A "Life Cycle Assessment" commissioned by Procter and Gamble found that 80%-85% of the energy used to wash clothes comes from heating the water. P&G calculated that US consumers could therefore save $63 per year by washing in cold water rather than warm. So, with the proviso that it could persuade consumers that coldwater washing was efficacious, P&G positioned the product as a way to save on energy bills.

First, marketing efforts reassured consumers of the product's efficacy. On a special Web site, consumers could calculate the amount of energy they could save yearly personally and in conjunction with all the others who took the "Tide Coldwater Challenge."

Advertising showed how long major US landmarks such as the Empire State Building could be lit with the energy that could be saved if all of the consumers in those cities switched to cold-water washing.

Finally, the Web site provided various energy saving tips and resources, starting with information about switching to Energy Star certified energy-saving compact fluorescent lighting, tips from respected environmental group the Alliance to Save Energy, and encouragements to "Consider buying a Different Kind of Car"—namely, the Prius.

This type of marketing no doubt reassured consumers of the product's performance. They were empowered by the ability to calculate their own savings and to aggregate that savings with those of others. By using the Internet versus traditional advertising-led messages, they were engaged in the message. By leveraging word-of-mouth via the Tide Coldwater Challenge and associating with notable third parties, any barriers of skepticism were overcome. And Tide Brand found a fresh new message that was in step with consumers' need to control rising energy prices.

Method Line of Household Cleaning, Laundry and Personal Care Products

The environmental movement is about doing things differently. Method is a brand that is trying to express this "differentness" in nearly every way possible, starting with how the product looks and smells.

The bottle for the dish soap looks like an upside down teardrop. It was specifically designed by well-known fashion designer Karim Rashid so consumers would feel comfortable leaving it right at the kitchen sink, helping the user project a status of sorts.

The product label sports a very understated lower case "m" in a circle, with "method" also in lowercase just beneath. No splashy lettering. No flashy starbursts like those that were designed to capture consumers' attention at mainstream store shelves. What attracts consumers to this product is the distinctiveness of the package shape and the unique coloring of the product inside.

This product may look expensive, but it actually sells at competitive prices at Target, Office Depot and Safeway!

Method doesn't advertise. It attracts consumers via strong price value and word-of-mouth that is generated in highly effective ways, starting with the uniqueness of the product itself. Visit the Web site and read how Method tells visitors what it stands for: A page each is devoted to the elements of the Method "mantra": Efficacy, Safety, Environment, Design (do your brands consider design?), and Fragrance. (In-home interviews I conducted for a client recently attested to the importance of light scent to this brand's purchasing decision.)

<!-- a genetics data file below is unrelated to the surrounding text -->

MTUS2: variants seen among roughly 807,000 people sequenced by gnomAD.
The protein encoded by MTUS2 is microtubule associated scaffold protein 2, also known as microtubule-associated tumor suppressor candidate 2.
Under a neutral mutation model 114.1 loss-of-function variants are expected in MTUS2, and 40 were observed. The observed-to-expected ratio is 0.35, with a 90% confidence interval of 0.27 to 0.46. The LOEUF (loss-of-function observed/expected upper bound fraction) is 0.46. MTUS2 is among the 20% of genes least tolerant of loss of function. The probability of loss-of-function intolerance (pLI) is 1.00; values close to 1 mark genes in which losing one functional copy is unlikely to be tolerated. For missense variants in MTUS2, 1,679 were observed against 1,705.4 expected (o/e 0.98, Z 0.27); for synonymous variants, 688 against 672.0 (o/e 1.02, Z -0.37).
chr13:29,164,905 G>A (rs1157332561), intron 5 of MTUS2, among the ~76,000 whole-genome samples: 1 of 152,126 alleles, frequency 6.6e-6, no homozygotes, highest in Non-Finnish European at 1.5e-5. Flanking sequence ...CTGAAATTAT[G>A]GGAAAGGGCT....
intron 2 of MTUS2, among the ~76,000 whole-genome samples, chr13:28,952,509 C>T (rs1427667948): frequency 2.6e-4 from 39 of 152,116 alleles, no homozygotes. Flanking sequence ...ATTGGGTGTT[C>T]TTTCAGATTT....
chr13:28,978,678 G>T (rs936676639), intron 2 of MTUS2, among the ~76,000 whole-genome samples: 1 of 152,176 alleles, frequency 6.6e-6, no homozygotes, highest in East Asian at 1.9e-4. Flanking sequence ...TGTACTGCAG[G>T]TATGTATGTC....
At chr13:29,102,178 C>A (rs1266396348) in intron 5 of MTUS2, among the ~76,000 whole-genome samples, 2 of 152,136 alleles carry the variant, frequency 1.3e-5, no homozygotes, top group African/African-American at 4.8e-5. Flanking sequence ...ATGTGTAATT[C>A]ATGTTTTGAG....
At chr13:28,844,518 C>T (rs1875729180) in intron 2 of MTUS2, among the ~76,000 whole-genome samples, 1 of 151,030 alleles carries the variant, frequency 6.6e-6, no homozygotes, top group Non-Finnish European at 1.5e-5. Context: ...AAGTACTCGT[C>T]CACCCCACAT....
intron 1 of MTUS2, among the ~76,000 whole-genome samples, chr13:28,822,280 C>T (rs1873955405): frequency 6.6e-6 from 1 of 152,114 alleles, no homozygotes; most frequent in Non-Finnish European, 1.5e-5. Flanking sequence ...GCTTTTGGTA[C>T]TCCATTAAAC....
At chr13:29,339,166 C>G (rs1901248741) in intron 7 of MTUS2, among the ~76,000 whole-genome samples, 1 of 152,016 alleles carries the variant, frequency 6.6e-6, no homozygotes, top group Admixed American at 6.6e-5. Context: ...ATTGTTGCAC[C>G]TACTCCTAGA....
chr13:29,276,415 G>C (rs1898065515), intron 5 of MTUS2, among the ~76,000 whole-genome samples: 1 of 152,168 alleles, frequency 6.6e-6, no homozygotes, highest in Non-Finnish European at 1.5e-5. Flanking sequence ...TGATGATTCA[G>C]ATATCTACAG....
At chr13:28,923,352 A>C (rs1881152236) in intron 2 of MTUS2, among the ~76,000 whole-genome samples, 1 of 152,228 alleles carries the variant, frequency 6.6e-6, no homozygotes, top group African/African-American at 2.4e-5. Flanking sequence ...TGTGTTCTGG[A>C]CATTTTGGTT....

Do your brands have mantras—or simply a list of benefits, or possibly just a marketing and creative strategy?

Another thing you'll find at the Method Web site is a campaign called "I Fight Dirty." (Note the "anti" tone.) This campaign empowers users to not only fight against dirt but also dirty practices by industry. Thus, its captures the essence of what the brand is about from both functional as well as emotional standpoints. (Another breakthrough.)

It also sends a newsletter to consumers who sign up. Recent issues have proffered tips on how to compost Christmas trees, locate brands of reusable diapers, and save pristine beaches by fighting dumping in oceans of plastic laundry bottles.

The Web site talks about the places where Method has been spotted—like the "Green Festival" hosted by Coop America each year. And it even gives visitors the opportunity to buy merchandise, like T- shirts emblazoned with the method name. How many of your users would wear clothing with your brand's name on it? How many of you would even think to offer it?

Putting the "Rules" to Work for Your Business

To start capitalizing on the many market opportunities represented by sustainability, consider the following:

  1. Think and act holistically. It is no longer enough to focus on functional benefits alone.

    ASK: What are we making (product or service? Green or not?) How are we making it? Who are we working with?
  2. Take advantage of the opportunities that green marketing represents to engage consumers on an emotional level and thus, build brand equity.

    ASK: how can we make our passion and vision relevant and engaging—and our consumers into advocates? How can we empower consumers to make a difference by providing them with education, infrastructure, events, and experiences?
  3. The way you communicate will be critical to success (and will help you avoid "greenwashing").

    ASK: How to ensure that our approach is viewed as authentic? Transparent? Are all stakeholders aware of our intentions and progress? Is our vision embedded in the fabric of our company?
  4. Eco-innovation represents new ways to grow top line sales.

    ASK: How can we inspire consumers? What technology and partners do we need to gain access to?
  5. Strive for an ideal goal of "zero" environmental impact. Strive to eco-innovate rather than simply eco-design.

    ASK: What would it take to achieve zero environmental impact and still meet our consumers' needs? Can we make consumers more "responsible"? It's one thing to design better products and technologies. But, at some point, industry's efforts will go only so far. Achieving "zero" environmental impact will come about only if changes can be made in consumer behavior—thus the genius of Toyota's dashboard, and Web sites that engage consumers in more responsible forms of behavior.

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Jacquelyn A. Ottman is president of J. Ottman Consulting, Inc., advisers to industry on green marketing and eco-innovation. She is the author of Green Marketing: Opportunity for Innovation. Contact her via (